There seems to be a problem with /nihilo/ or nothing. /Creatio ex nihilo/
indicates that what now is was not. I was going to write "once was not"
but that suggests more strongly that there was a time before, which
cannot be the case. We are so much creatures of time that we cannot
comprehend that creation initiated time, space, matter and energy. Our
language does not deal well with the concept of an absolute beginning.
The ancients were equally involved in such thought and tended to hold
that nothing or chaos was a thing from which things were organized or
made. Jim, I note that you have God tinkering in a pretime time, trying
things out. One can read John 1:1, "In the beginning was ..." that way,
but most exegetes do not consider this the intent.
On Mon, 25 May 2009 10:38:54 -0700 Jim Armstrong <email@example.com>
I too am grateful for the presence and consistency of the conservation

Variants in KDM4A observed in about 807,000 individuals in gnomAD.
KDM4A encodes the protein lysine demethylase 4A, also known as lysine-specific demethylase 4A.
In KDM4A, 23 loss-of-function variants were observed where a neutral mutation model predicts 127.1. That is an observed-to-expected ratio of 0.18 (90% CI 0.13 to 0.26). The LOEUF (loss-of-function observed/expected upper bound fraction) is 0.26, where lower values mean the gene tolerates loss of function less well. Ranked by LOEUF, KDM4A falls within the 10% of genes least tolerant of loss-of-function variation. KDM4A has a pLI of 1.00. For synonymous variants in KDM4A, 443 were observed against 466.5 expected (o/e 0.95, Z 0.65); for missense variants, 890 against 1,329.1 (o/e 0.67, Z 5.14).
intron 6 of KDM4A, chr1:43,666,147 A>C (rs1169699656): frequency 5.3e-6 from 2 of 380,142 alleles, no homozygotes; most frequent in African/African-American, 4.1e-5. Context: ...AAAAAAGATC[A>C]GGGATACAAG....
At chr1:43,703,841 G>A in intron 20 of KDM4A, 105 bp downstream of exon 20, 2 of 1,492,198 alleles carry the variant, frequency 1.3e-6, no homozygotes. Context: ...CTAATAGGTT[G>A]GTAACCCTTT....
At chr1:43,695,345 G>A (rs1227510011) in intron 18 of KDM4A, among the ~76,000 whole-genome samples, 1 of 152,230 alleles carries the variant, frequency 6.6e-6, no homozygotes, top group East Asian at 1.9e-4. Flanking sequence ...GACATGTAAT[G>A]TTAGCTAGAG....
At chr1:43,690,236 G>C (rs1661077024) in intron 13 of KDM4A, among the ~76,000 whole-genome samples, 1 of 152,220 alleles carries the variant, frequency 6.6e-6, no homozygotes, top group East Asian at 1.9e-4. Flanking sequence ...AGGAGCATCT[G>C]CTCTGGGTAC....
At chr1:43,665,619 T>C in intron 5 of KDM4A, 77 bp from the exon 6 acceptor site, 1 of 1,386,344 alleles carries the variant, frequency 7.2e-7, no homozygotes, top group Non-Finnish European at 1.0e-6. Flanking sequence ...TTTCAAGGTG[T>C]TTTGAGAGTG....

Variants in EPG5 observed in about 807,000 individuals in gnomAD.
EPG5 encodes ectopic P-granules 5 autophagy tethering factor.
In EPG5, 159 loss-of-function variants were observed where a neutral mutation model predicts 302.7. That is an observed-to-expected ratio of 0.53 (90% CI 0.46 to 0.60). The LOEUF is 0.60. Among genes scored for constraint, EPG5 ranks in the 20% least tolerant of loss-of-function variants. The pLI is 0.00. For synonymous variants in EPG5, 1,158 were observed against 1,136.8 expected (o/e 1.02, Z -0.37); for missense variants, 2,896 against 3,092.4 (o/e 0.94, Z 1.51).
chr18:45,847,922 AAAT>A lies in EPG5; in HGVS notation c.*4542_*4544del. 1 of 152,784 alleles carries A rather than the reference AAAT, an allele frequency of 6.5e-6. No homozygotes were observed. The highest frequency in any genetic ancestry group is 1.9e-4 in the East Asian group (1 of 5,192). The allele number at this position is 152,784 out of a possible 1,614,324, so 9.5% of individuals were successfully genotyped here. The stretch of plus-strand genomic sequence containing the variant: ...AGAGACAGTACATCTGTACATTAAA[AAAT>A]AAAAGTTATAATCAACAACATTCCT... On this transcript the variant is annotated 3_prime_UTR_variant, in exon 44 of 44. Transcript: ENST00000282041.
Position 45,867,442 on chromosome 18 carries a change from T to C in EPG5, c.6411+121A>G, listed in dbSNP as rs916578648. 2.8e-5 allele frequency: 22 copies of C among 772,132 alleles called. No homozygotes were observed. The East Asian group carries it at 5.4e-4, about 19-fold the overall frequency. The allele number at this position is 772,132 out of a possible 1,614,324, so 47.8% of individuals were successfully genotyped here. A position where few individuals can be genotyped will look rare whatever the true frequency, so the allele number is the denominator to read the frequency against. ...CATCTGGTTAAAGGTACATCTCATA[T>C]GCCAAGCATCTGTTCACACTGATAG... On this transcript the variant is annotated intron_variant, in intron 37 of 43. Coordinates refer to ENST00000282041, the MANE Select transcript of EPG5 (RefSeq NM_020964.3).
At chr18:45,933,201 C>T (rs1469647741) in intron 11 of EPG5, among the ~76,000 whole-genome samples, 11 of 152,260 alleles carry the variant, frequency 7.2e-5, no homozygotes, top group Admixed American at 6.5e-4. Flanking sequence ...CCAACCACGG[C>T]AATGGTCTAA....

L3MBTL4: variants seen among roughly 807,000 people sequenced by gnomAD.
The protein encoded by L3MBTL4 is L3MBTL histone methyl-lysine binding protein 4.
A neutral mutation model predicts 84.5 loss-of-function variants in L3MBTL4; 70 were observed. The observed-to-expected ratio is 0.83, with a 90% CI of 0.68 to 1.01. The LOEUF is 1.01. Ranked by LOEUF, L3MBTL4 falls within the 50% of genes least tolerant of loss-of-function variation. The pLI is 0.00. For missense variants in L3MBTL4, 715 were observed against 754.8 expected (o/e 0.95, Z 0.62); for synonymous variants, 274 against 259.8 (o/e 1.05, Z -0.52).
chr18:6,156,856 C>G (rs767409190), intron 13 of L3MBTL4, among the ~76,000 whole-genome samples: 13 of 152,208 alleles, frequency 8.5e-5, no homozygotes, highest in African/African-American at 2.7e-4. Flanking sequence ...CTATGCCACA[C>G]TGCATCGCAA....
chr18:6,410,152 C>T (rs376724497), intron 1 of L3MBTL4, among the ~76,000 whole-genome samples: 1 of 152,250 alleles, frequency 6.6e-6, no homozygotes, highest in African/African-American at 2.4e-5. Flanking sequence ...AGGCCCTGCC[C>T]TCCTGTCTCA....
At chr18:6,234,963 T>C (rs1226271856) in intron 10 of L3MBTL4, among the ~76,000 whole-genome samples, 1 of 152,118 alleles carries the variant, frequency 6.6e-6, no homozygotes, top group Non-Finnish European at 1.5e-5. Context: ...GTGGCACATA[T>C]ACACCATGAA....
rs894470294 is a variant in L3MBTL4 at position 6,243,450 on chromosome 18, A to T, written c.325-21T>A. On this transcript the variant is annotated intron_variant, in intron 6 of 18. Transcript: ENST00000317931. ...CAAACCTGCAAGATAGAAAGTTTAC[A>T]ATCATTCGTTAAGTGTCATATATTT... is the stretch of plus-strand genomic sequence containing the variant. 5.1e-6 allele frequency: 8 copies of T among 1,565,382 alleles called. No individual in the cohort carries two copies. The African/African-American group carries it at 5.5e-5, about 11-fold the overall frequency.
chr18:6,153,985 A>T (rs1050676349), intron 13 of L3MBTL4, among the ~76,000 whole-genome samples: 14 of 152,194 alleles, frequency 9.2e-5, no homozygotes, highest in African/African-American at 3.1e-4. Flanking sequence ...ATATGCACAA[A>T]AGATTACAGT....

laws, now that Creation is in place.
But that really wasn't the point.
Whatever God did to initialize Creation is the point, and it seems to me
that "ex nihilo" as a process might well be the way it appears to us in
our context. But that appearance may not be (and probably isn't)
particularly accurate if we were able to access the domain of God's
existence. Our context does not span the whole of reality, most
particularly not spanning the reality of God's existence. Who knows? He
may have a workshop or laboratory, and raw starting stuff in forms of
which we know nothing and of which we are incapable of knowing. We would
never know the difference from that and ex nihilo. But the posit of ex
nihilo just seems inappropriate, more akin to a statement of magic than a
descriptor of divine creation. This is just an opinion. Perhaps most
users of "ex nihilo" are aware of the implicit limitation. Maybe not.
The use of this expression does offer a convenient shorthand, and I guess
I would be hard-pressed to offer a concise substitute at this point.
JimA [Friend of ASA]
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Received on Mon May 25 14:50:05 2009
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